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Written By: Cal Kellogg, April 3, 2014
As I sit here writing these words the spring striper bite is starting to rage throughout the West Delta. If you’re a regular reader of The Fish Sniffer, you likely know that I am and avid striper angler and I especially enjoy bait fishing. There is a long standing debate whether trolling, casting or soaking bait produces more stripers over the course of the year.
In terms of total numbers I believe that bait fishing has the edge, but when the water is clear and the temperature is in the 60’s it is tough for bait anglers to keep up with trollers and pluggers.
With this in mind this is a great time to learn or at least review the basics of trolling and plugging for delta linesides. Now if I had to choose between trolling and plugging and excitement was the criteria, I’d choose plugging every time, yet if over all productivity and consistency was the measure trolling would get the nod. This being the case let’s get started by considering trolling.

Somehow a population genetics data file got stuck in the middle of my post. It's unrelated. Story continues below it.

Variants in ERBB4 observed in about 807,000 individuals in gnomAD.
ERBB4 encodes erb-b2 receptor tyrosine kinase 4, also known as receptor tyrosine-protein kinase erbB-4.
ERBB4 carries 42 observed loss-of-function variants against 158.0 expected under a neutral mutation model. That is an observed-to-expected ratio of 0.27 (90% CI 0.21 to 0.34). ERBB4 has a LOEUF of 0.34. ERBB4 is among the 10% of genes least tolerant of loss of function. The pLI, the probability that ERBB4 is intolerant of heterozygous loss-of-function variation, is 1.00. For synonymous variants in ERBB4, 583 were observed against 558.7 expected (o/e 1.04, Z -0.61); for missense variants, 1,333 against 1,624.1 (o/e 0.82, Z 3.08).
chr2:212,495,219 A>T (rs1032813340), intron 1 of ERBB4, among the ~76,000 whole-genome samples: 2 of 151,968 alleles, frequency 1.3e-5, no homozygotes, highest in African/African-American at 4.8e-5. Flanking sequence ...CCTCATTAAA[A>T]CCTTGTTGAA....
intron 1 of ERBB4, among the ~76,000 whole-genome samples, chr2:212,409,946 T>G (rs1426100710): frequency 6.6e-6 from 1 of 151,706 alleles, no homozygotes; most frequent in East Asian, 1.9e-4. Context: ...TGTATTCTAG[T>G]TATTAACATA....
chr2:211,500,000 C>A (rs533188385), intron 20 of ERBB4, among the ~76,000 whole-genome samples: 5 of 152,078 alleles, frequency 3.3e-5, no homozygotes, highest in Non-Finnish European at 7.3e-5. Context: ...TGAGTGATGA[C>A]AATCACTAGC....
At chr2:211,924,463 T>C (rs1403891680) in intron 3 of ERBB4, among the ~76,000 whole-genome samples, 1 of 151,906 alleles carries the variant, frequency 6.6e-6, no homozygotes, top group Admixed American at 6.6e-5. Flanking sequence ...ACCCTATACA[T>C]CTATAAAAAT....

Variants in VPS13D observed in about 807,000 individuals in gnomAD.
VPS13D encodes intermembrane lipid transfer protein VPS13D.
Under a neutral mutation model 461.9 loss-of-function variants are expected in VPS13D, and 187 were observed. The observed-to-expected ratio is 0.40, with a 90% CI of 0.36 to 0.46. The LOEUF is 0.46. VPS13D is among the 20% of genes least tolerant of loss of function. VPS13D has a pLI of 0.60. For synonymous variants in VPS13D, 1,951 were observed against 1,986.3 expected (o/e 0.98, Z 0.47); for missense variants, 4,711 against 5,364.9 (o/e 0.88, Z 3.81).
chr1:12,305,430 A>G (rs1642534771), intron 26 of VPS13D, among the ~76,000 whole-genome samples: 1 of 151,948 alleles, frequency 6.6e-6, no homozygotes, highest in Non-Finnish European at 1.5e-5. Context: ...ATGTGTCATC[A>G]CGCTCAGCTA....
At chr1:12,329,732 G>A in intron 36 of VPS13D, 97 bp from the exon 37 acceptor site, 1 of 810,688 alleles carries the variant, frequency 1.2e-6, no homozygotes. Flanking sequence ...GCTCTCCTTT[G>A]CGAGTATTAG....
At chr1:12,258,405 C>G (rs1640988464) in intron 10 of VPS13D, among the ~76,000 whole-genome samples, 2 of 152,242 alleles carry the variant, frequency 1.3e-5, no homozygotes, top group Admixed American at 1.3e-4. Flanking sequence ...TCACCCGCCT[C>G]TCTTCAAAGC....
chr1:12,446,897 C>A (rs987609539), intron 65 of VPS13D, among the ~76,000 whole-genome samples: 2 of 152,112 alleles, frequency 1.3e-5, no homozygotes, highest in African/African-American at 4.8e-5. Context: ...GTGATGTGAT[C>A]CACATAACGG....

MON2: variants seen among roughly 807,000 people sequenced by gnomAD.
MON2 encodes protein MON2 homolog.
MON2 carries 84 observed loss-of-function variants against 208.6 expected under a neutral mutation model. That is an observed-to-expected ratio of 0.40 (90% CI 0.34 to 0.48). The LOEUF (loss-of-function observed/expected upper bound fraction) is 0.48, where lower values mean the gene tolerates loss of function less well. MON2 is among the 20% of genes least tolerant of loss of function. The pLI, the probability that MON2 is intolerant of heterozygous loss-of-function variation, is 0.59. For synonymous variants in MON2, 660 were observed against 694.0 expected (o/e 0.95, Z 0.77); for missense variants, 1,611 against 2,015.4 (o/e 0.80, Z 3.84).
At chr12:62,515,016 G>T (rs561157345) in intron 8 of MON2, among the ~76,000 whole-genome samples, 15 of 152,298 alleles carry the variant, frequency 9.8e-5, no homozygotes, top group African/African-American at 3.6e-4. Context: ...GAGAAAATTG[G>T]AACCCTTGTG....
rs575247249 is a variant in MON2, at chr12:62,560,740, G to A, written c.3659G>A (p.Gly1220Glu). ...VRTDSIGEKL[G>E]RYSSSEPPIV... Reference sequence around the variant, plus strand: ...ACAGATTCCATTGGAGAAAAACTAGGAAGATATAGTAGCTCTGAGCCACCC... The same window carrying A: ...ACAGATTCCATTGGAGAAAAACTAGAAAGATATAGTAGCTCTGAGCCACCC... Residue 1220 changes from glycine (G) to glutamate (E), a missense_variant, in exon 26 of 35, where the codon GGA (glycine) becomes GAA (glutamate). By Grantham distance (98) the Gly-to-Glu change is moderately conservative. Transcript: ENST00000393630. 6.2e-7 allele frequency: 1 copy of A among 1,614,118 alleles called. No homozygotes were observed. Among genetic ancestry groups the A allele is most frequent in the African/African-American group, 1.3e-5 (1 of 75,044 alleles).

In days gone by, the typical Delta troller used a short stiff “meat stick” rod teamed with heavy 25 to 30 pound monofilament. This rig was tipped with a spreader rig. A large minnow plug was rigged on the top of the spreader and a leadhead jig worked off the bottom of the spreader.
Now while this tackle arrangement was certainly effective, it greatly muffled the fight of all but the largest bass. Today light rods, braided lines and single lures are in vogue. Not only are these rigs effective, but they make the fishing fun even if the bass are not huge. My favorite trolling rig consists of an 8 foot Lamiglas X 80 HC rod topped with an Abu Garcia Big Game 7000 reel spooled with 65 pound braided line. This is the same rig I use for bait fishing. The line I use is on the heavy end of the spectrum. Most Delta trollers prefer to go with 30 pound braid, but since I use the same rig for both trolling and bait fishing, I go heavier.